The boards discussed:
- reconfirmation of the right-of-use approach for lessees
- in-substance purchases/sales
- lessor accounting models
- timing of initial recognition.
The boards tentatively reconfirmed the right-of-use approach for lessees. That approach, as described in the Discussion Paper Leases: Preliminary Views proposes that a lessee should recognise for all leases:
- an asset representing its right to use the leased item for the lease term (the right-of-use asset)
- a liability for its obligation to pay rentals.
The boards discussed whether the scope of a leases standard should include a contract that represents the purchase (lessee) or sale (lessor) of the subject item. The boards tentatively decided to exclude such contracts from the scope of the leases standard. The boards directed the staff to develop criteria for an entity to use to determine whether an arrangement is the purchase or sale of an asset and is not a lease.
The boards considered the following models for how a lessor would apply a right-of-use approach:
- derecognition approach
- performance obligation approach
- operating lease approach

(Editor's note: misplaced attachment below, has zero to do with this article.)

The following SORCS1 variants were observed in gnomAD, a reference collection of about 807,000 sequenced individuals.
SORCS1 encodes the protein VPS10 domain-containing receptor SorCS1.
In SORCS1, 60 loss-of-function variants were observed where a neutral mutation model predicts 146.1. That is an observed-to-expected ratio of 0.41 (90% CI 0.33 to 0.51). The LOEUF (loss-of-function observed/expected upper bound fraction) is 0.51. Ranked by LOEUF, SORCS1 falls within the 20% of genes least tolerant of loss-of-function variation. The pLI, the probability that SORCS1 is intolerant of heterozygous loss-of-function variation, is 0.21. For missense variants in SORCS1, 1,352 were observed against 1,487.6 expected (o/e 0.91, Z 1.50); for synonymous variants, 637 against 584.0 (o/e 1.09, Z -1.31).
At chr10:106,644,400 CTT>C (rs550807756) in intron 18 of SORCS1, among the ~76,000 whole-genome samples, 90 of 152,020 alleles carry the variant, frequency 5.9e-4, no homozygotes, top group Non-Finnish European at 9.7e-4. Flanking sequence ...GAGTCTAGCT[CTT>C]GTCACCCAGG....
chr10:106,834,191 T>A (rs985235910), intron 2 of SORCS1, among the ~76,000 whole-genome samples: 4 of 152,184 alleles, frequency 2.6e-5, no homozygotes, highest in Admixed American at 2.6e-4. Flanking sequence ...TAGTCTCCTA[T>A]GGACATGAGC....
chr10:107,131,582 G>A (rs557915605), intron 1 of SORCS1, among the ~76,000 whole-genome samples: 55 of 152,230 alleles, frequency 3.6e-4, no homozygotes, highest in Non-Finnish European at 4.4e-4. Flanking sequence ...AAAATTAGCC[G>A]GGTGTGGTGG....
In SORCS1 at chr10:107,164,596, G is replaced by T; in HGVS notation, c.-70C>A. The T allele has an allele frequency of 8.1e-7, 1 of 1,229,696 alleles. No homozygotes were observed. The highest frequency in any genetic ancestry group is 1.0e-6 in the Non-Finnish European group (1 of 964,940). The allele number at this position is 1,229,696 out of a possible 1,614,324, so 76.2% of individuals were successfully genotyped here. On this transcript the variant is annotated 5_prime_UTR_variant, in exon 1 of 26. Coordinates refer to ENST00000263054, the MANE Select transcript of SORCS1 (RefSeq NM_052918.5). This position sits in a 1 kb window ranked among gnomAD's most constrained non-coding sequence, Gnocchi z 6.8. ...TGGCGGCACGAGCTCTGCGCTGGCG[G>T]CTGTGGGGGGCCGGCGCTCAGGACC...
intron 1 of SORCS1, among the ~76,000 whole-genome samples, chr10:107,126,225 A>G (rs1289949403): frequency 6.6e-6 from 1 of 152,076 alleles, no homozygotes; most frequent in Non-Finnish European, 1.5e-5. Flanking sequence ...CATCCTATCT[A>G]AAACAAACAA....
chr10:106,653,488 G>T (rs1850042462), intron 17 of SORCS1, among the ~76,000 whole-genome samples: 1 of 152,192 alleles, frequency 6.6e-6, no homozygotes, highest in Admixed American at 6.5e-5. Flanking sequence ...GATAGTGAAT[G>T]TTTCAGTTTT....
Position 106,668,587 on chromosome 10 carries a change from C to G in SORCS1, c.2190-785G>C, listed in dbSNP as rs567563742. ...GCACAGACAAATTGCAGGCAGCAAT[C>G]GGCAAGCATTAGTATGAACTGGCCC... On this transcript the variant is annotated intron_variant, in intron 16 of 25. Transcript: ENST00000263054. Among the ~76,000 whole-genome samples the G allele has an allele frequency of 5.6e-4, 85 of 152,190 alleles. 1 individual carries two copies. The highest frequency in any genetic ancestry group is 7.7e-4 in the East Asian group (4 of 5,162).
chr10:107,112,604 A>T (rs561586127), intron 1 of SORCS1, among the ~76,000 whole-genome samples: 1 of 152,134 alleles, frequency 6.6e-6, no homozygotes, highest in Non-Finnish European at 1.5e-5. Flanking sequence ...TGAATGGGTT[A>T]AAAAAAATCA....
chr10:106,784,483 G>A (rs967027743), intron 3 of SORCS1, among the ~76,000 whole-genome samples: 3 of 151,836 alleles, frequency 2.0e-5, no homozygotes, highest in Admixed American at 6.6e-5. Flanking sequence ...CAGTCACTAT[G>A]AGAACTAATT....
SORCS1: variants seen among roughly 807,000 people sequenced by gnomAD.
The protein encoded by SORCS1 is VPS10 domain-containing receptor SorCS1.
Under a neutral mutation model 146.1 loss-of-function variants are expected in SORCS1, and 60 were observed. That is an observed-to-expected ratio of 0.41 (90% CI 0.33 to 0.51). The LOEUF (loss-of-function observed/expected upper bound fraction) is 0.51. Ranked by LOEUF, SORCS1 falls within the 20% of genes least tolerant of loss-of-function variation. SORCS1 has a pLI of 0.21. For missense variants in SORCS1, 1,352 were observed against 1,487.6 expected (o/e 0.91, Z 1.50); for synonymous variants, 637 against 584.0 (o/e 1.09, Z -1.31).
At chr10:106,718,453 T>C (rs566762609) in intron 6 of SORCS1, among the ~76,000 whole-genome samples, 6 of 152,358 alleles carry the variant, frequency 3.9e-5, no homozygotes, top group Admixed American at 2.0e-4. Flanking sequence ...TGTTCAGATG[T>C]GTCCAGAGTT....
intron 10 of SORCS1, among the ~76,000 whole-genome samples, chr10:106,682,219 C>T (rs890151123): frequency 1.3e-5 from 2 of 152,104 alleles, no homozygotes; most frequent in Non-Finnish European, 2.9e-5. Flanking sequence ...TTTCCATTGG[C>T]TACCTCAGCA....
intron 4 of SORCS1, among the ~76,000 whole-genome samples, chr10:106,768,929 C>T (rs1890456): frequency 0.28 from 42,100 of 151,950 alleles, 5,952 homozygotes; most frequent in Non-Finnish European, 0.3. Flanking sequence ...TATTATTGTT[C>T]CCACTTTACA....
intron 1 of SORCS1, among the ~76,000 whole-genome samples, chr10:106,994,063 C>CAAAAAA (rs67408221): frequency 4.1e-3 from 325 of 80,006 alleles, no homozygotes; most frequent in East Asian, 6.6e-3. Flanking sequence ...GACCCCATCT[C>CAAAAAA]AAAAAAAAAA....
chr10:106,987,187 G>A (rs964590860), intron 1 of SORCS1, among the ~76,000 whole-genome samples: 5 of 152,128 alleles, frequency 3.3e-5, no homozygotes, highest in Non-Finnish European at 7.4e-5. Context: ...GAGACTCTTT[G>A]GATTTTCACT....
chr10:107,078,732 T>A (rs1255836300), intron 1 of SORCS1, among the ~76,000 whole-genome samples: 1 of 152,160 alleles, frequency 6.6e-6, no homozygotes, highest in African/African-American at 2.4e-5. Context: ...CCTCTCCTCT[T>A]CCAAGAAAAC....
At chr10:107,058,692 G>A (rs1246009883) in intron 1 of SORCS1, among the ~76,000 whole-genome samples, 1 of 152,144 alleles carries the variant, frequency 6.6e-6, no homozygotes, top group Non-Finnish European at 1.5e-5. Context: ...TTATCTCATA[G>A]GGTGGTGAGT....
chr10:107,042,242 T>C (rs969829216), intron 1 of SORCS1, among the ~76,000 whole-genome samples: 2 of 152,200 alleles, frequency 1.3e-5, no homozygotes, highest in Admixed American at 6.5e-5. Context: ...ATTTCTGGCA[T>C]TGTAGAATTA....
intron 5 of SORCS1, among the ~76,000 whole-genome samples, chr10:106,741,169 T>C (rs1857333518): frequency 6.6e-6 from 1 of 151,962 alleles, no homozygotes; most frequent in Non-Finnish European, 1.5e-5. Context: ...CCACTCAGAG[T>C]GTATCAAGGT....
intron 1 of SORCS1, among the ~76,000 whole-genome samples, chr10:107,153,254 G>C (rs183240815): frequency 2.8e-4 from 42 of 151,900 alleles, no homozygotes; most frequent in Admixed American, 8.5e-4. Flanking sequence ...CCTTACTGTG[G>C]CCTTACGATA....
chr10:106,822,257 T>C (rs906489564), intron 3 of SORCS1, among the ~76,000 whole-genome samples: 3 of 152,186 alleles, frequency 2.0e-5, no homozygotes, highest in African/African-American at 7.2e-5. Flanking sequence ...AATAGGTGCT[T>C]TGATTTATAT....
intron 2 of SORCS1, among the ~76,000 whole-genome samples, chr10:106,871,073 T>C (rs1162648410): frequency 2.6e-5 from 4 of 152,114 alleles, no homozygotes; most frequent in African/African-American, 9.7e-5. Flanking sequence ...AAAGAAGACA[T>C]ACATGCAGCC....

- dual model approach (derecognition and performance obligation).
The boards tentatively decided to adopt the performance obligation approach to lessor accounting. Under that approach, a lessor would:
- recognise an asset representing its right to receive rental payments (a lease receivable)
- recognise a liability representing its performance obligation under the lease-that is, its obligation to permit the lessee to use one of its assets (the leased item). The lessor would recognise revenue as that performance obligation is satisfied over the lease term. That means that a lessor would not recognise revenue at the inception of a lease contract.
The boards discussed whether an entity should recognise any assets or liabilities during the period between the signing of a lease contract and delivery of the leased item to the lessee. The boards tentatively decided that:
- assets and liabilities arise when a contract is signed.
- between contract signing and delivery, the unit of account is the contract as a whole and the contract position would be presented net in the statement of financial position of both the lessee and lessor.
- an entity would initially and subsequently measure the net contract asset or liability on a cost basis, subject to impairment (generally initial measurement of the contract asset would equal the initial measurement of the contract liability).
- an entity would provide disclosures about the assets and liabilities that arose upon contract signing.
In November, the boards will continue its discussion of lessee and lessor accounting issues.